Goal #2: Mention other activities and/or skills that you didn’t have the word count for in your statement

If you view these stations as an opportunity to achieve these 2 goals, you’re already halfway there to acing this particular talking point.

A key piece of advice here is to focus on quality rather than quantity. Any medical school will favor a candidate who has reflected well on 2 key activities over someone who has won every accolade in the book but is unable to reflect on them. To reflect efficiently, focus on communicating using the well-known STARR format. Think about what went well, what didn’t go so well and what you learnt from the experience. 

A good way to do this in preparation for the interview is to list out your various achievements and roles and then focus on specific soft-skills you’ve gleaned from them, examples of when you put them to use and how they might be useful in a career in medicine. 

Referencing Work Experience in an MMI

Discussing work experience in your interview looks very similar to discussing your personal statement. As we’ve already talked about, reflections are your best friends! 

In addition to a thorough reflection, also focus on communicating a learned awareness of the challenges of a career in the NHS. Medical schools want to know that their future students are realistic yet passionate. A good way to communicate this, is to focus on possible issues you noticed in the healthcare space and how they’ve inspired you to want to create change. Another way to do this is to focus on how your individual skill set is made to handle the challenges of the career. For example, the discipline you’ve learned from being an athlete might help you through the academic challenges of medical school. 

However you choose to discuss your work experience, ensure that there is a continued focus on exploring HOW your work experience has altered your view of the career as opposed to just listing various work experience placements.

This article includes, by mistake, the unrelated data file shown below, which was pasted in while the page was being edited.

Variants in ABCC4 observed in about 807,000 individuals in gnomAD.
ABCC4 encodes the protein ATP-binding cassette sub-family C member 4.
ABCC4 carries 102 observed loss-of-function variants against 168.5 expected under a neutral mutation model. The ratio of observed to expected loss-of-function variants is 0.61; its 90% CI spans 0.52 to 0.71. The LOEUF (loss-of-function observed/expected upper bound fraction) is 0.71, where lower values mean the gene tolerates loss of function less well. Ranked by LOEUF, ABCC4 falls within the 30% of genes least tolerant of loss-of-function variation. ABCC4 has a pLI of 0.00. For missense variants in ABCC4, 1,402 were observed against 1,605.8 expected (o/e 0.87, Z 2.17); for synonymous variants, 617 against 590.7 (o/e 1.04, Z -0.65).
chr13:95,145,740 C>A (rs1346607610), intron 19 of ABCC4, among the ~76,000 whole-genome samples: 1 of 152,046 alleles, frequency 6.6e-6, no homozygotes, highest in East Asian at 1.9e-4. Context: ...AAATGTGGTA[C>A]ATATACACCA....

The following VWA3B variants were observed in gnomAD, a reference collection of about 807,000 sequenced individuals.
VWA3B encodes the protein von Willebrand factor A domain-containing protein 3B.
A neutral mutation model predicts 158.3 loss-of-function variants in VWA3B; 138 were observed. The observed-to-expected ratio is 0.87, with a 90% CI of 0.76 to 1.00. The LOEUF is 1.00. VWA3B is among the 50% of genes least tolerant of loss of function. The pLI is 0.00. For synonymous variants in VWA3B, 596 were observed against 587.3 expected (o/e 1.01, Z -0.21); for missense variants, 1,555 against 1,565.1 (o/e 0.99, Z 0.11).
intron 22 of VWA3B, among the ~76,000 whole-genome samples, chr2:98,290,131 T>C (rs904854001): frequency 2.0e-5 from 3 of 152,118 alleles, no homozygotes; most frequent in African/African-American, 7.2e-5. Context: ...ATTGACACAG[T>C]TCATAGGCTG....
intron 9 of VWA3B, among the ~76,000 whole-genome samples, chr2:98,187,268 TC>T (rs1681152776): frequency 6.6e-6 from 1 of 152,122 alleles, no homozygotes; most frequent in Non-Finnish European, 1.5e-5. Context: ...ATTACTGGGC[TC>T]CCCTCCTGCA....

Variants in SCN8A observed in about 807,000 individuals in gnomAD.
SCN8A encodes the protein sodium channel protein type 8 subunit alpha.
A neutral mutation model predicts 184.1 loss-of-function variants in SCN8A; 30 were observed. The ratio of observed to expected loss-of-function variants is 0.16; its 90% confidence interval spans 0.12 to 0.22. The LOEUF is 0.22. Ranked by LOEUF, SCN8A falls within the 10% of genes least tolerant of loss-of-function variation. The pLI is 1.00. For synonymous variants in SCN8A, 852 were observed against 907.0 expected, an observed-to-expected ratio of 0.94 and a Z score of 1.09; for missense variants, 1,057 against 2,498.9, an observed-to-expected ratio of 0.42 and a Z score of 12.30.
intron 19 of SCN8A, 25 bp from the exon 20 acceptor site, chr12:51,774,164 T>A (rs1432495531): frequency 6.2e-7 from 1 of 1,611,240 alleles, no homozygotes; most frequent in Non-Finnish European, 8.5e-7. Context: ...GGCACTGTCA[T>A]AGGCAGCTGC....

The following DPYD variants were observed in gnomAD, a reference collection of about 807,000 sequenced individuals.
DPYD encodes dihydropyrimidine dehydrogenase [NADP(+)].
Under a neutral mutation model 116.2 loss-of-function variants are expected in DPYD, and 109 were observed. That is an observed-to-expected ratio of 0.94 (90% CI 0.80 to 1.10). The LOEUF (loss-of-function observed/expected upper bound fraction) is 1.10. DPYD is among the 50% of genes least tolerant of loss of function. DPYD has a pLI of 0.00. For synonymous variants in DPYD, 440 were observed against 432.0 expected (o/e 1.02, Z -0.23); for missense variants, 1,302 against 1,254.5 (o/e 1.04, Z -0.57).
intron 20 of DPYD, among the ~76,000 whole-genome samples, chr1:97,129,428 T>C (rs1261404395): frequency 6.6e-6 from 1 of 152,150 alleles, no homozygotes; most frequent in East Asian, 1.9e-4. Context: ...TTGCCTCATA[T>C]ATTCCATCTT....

Evidencing Soft Skills in MMIs

Soft skills are skills that cannot be tangibly measured. These include, but are not limited to, communication, teamwork, leadership etc. These soft skills are integral to a career in medicine and can only be assessed during an interview. Consequently, it is vital that you are able to evidence these skills in your MMI. 

Common MMI interview questions that aim to evidence your soft skills will typically focus on asking for examples in which you have shown a certain skill. A good way to prepare for these questions is to make a list of all the soft skills commonly assessed for. Some popular ones are;

  • Communication skills
  • Empathy
  • Teamwork
  • Leadership
  • Problem solving
  • Prioritisation 

Once you’ve listed these skills, find situations wherein you’ve had to employ them and reflect on them thoroughly. Some medical schools do prefer the STARR format in these cases but it is not compulsory that you use this particle reflective template. 

While it is impossible to guess what soft skill they may want to explore, having a list of examples that have challenged you in the last few years will give you some confidence as often, one example can be used to showcase multiple different skills. 

Tactile Skills and Role-Playing

A handful of universities have at least one station that tests for tactile skills, such as hand-eye coordination. Some will also employ role-playing. We won’t discuss this in too much detail as they aren’t very common and are slowly becoming obsolete with the onset of social distancing measures and online interviews.